There are 2 types of surgery:

  • Open repair: A large cut is made in your abdomen. The abnormal vessel is replaced with a graft made of man-made material.
  • Endovascular stent grafting: This procedure can be done without making a large cut in your abdomen, so you may recover more quickly. This may be a safer approach if you have certain other medical problems or are older adults. Endovascular repair can sometimes be done for a leaking or bleeding aneurysm.

Outlook (Prognosis)

The outcome is often good if you have surgery to repair the aneurysm before it ruptures.

When an abdominal aortic aneurysm begins to tear or ruptures, it is a medical emergency. Only about 1 in 5 people survive a ruptured abdominal aneurysm.

When to Contact a Medical Professional

Go to the emergency room or call 911 if you have pain in your belly or back that is very bad or does not go away.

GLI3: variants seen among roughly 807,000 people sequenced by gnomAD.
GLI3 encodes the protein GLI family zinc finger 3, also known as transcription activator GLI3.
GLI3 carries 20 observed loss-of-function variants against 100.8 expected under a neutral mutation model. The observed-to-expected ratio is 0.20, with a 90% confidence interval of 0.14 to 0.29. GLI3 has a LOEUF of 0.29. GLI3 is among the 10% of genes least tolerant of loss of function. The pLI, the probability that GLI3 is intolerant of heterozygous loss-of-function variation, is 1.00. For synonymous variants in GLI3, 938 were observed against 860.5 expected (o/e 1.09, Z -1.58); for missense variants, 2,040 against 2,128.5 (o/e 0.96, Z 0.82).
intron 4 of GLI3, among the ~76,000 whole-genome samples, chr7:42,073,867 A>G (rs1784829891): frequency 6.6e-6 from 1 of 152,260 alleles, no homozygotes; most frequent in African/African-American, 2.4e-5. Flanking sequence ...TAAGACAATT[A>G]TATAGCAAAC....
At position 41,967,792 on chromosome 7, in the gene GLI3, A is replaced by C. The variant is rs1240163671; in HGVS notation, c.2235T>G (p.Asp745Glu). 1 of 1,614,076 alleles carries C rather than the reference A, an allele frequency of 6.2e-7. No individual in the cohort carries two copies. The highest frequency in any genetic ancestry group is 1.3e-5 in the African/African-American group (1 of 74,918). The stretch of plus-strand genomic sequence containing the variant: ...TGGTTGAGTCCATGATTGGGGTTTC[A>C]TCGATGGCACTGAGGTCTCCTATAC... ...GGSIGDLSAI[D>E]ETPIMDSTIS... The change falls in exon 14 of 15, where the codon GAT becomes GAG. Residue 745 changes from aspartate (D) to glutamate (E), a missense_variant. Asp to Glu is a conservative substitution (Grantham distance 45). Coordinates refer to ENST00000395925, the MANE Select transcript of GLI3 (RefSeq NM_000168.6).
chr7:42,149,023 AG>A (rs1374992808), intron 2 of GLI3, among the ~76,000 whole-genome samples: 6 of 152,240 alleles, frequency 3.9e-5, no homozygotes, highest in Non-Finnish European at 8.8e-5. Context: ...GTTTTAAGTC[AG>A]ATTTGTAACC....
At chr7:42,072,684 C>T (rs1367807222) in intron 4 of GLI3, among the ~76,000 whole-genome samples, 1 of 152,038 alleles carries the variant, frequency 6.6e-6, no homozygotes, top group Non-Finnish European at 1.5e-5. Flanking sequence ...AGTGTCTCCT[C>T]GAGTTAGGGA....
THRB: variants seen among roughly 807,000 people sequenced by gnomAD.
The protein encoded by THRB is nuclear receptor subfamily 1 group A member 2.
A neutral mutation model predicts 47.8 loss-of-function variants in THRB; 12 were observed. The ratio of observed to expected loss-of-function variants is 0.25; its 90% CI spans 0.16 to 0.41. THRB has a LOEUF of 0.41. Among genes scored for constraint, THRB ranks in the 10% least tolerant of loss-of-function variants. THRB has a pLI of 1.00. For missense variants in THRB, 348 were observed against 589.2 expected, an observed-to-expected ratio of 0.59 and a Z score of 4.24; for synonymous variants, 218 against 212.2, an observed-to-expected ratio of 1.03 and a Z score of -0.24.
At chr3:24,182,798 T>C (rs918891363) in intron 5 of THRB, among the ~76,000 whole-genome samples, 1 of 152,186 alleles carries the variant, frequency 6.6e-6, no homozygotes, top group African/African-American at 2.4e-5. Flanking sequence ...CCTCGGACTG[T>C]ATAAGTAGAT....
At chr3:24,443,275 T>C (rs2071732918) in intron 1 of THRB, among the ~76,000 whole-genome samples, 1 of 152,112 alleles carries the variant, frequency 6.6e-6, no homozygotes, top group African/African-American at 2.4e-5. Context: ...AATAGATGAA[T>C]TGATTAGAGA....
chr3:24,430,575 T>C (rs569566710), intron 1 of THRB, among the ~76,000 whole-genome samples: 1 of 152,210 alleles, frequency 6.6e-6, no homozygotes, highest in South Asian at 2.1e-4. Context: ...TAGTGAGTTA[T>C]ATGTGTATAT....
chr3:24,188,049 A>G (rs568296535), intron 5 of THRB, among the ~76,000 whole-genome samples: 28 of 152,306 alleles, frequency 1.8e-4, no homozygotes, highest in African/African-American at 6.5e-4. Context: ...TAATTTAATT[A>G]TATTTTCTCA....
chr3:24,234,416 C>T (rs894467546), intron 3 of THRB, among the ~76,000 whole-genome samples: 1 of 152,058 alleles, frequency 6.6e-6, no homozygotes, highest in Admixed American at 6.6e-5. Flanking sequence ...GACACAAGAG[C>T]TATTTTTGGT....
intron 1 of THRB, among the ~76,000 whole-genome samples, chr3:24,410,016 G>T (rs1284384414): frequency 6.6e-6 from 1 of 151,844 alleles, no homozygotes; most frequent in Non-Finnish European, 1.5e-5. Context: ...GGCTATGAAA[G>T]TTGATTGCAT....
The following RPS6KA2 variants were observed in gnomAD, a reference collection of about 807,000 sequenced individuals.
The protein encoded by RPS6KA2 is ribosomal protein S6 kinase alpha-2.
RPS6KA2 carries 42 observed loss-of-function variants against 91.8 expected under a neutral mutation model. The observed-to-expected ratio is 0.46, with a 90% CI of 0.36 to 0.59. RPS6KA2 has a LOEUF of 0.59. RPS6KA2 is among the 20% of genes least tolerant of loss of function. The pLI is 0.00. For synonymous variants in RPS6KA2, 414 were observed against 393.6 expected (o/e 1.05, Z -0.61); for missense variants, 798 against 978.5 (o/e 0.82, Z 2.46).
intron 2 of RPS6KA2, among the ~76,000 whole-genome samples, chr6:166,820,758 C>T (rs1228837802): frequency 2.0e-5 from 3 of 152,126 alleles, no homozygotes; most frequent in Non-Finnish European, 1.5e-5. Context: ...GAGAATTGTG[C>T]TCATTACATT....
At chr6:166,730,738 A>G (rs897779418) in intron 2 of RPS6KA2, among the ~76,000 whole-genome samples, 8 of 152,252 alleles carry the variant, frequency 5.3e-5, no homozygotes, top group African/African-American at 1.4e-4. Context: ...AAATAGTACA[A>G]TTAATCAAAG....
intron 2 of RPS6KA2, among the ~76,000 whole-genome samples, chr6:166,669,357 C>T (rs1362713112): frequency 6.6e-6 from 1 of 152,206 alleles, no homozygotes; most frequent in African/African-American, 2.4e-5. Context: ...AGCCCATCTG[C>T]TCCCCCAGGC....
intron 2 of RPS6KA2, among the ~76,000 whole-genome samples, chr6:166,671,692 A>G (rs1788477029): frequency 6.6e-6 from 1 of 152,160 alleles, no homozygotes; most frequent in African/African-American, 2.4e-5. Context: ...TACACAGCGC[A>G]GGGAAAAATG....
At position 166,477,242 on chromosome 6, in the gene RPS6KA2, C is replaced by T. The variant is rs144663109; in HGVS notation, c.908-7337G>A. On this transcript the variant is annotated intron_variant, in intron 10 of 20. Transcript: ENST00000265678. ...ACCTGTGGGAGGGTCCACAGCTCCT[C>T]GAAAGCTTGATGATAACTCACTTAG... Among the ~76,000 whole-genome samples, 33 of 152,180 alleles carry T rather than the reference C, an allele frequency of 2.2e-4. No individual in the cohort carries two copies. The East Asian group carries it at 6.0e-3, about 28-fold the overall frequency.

Prevention

To reduce the risk of aneurysms:

  • Eat a heart-healthy diet, exercise, stop smoking (if you smoke), and reduce stress.
  • If you have high blood pressure or diabetes, take your medicines as your doctor has told you.

People over age 65 who have ever smoked should have a screening ultrasound done once.

References

Braverman AC. Diseases of the aorta. In: Mann DL, Zipes DP, Libby P, Bonow RO, Braunwald E, eds. Braunwald's Heart Disease: A Textbook of Cardiovascular Medicine. 10th ed. Philadelphia, PA: Elsevier Saunders; 2015:chap 57.

Fairman RM, Wang GJ. Abdominal aortic aneurysm. In: Cronenwett JL, Johnston W, eds. Rutherford's Vascular Surgery. 8th ed. Philadelphia, PA: Elsevier Saunders; 2014:chap 132.

Tracci MC, Cherry KJ. The aorta. In: Townsend CM Jr, Beauchamp RD, Evers BM, Mattox KL, eds. Sabiston Textbook of Surgery. 19th ed. Philadelphia, PA: Elsevier Saunders; 2012:chap 62.

    • Abdominal aortic aneurysm

      Animation

    •  

      Abdominal aortic aneurysm - Animation